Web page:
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Monday, 16 August 2010

British Children Being Displaced from Schools by Immigrants

British Kids Being Displaced from Schools in Peterborough

British children are being displaced from schools in Peterborough by a tidal wave of immigration which has hit that city, new reports have indicated.
Peterborough — already famous for having more than 15 destitute immigrant squatter camps on roundabouts and other public places — no faces a school crisis as well after the town has borne the brunt of more than 20,000 immigrants over the last two years.
The registrar general's population estimates for mid 2007 for Peterborough was some 163,300. This means that the population has leaped by more than 12 percent in two years, and now stands at around 185,000.
According to reports, emergency classrooms have had to be put up to cope with the demand for primary school places which has resulted, and indigenous children have largely lost their first-choice places by the tidal wave of newcomers.
A council statement issued this past week said that 252 children or 11 per cent of applicants had missed out on their first choice of primary school.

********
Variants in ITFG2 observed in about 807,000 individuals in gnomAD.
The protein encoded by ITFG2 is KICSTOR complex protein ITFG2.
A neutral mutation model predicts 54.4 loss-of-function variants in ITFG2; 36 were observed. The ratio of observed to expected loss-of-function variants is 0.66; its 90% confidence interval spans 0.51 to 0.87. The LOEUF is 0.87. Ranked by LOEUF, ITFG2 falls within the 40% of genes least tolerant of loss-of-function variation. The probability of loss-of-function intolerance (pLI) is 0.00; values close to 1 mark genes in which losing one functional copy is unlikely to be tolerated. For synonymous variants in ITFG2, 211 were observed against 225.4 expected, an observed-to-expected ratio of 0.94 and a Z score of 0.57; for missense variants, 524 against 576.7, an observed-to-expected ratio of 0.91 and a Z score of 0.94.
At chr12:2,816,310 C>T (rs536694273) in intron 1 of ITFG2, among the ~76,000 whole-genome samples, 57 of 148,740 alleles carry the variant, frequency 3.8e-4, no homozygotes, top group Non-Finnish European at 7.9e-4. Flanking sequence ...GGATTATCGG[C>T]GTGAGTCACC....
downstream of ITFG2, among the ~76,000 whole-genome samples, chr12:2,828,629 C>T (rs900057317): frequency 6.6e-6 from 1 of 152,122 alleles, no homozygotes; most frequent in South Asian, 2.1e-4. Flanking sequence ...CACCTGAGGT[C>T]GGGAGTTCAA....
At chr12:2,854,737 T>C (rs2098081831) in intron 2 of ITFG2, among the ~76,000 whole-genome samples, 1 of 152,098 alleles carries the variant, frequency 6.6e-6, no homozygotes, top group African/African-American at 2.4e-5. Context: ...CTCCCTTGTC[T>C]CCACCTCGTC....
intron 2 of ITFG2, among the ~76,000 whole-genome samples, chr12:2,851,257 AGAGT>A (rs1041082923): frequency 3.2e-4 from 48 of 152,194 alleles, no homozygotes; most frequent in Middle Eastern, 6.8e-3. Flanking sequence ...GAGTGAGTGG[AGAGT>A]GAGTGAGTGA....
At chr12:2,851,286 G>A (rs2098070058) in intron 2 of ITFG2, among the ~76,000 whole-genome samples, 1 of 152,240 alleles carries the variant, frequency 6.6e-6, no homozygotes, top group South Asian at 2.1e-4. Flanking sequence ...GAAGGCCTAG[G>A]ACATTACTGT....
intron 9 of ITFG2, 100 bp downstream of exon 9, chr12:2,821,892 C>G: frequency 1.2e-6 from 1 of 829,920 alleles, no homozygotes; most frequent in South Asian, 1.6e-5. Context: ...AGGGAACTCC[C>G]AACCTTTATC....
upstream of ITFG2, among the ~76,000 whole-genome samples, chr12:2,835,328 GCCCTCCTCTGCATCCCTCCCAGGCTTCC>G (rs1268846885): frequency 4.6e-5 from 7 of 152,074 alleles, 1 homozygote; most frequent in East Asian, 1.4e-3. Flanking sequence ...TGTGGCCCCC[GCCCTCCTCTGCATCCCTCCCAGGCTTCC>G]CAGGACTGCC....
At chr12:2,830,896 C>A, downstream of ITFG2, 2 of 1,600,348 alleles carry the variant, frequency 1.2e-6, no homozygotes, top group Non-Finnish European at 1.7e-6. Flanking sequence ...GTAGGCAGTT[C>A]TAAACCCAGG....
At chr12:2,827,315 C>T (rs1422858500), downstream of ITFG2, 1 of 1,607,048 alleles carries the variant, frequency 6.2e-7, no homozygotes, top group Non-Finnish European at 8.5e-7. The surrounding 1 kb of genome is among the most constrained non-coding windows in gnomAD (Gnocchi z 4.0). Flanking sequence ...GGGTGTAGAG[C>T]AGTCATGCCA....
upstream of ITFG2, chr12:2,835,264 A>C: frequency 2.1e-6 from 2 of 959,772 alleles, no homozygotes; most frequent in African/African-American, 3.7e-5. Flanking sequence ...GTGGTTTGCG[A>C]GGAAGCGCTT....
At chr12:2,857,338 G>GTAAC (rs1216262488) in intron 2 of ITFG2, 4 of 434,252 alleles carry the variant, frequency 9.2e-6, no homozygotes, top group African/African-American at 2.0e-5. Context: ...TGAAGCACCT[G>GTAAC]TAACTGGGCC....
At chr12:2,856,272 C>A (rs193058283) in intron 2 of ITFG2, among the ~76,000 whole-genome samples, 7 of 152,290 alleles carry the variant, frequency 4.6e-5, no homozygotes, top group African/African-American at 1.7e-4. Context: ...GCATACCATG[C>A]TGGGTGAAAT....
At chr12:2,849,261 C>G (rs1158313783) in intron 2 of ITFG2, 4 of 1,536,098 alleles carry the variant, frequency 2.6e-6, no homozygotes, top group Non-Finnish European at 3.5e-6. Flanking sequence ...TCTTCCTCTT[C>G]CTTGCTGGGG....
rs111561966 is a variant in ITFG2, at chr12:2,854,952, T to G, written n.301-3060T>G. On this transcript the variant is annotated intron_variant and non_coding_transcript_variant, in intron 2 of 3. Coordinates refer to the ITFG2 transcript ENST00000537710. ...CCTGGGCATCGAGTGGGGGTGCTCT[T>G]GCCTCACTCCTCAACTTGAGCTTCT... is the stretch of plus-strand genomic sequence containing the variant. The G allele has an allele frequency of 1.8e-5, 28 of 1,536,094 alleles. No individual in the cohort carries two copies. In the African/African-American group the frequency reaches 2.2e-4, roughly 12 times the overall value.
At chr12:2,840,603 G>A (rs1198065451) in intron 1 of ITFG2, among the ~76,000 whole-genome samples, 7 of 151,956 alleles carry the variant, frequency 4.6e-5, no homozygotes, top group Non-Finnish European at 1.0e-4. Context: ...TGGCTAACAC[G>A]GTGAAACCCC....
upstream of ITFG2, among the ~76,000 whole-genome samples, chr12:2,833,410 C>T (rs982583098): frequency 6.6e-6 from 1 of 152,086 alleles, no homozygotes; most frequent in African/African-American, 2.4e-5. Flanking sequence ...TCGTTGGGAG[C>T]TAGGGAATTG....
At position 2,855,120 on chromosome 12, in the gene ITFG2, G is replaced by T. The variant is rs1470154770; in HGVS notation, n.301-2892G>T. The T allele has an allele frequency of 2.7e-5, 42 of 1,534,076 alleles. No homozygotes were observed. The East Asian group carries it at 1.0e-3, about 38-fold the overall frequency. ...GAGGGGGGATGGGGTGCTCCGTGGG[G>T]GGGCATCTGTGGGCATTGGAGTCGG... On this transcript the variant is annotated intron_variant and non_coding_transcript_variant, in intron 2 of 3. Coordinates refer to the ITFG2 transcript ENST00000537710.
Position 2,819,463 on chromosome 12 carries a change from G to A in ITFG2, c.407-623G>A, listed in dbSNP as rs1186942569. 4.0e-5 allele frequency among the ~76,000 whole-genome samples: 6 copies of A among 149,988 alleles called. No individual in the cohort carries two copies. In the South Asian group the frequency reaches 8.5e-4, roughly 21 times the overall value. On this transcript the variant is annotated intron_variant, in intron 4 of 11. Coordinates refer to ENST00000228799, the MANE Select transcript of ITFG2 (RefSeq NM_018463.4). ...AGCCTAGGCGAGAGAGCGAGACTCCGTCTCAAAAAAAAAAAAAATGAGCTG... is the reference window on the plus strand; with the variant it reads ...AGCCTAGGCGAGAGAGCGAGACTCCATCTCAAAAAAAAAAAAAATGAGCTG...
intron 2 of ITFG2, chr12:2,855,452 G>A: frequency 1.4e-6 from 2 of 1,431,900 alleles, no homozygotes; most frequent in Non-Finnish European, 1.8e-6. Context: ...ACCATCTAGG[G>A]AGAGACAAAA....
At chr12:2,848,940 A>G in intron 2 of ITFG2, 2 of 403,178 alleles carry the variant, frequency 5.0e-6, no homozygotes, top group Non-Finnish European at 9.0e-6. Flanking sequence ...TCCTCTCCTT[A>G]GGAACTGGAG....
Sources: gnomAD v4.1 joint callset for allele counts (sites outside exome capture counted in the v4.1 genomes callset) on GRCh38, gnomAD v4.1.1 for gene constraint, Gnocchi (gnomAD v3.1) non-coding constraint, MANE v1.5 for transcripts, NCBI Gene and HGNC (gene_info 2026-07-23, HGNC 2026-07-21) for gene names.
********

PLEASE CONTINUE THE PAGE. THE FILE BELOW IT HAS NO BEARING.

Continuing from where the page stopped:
A further 101, or five per cent, were turned away from all of their choices and were instead offered “directed” places in schools that had spaces left.
Isabel Clark, head of school place planning, was quoted as saying that a “steep increase in demand” had caused pressures.
Apparently every class in every year group is already full and the council has “struggled” to place all 2,438 pupils due to start classes in September.
Official figures have shown that “immigrant communities” have accounted for 64 percent of Peterborough's population growth.
One local school, Fulbridge School, boasts no less than 27 languages amongst its 675 pupils, which means that eastern European languages alone have not accounted for the immigration upsurge.
In that school, just 200 children have English as a first language.
* A separate report from Manchester City Council revealed that at least 30 percent of pupils in that city speak English as a second language, while in at least three boroughs,  Longsight, Cheetham and Rusholme where the number of non-English speakers rises top 70 percent.
In Newham, east London, English is a minority language in nine out of 10 schools, a situation replicated in 30 percent of all schools in Leicester and Blackburn, and 25 percent in Birmingham.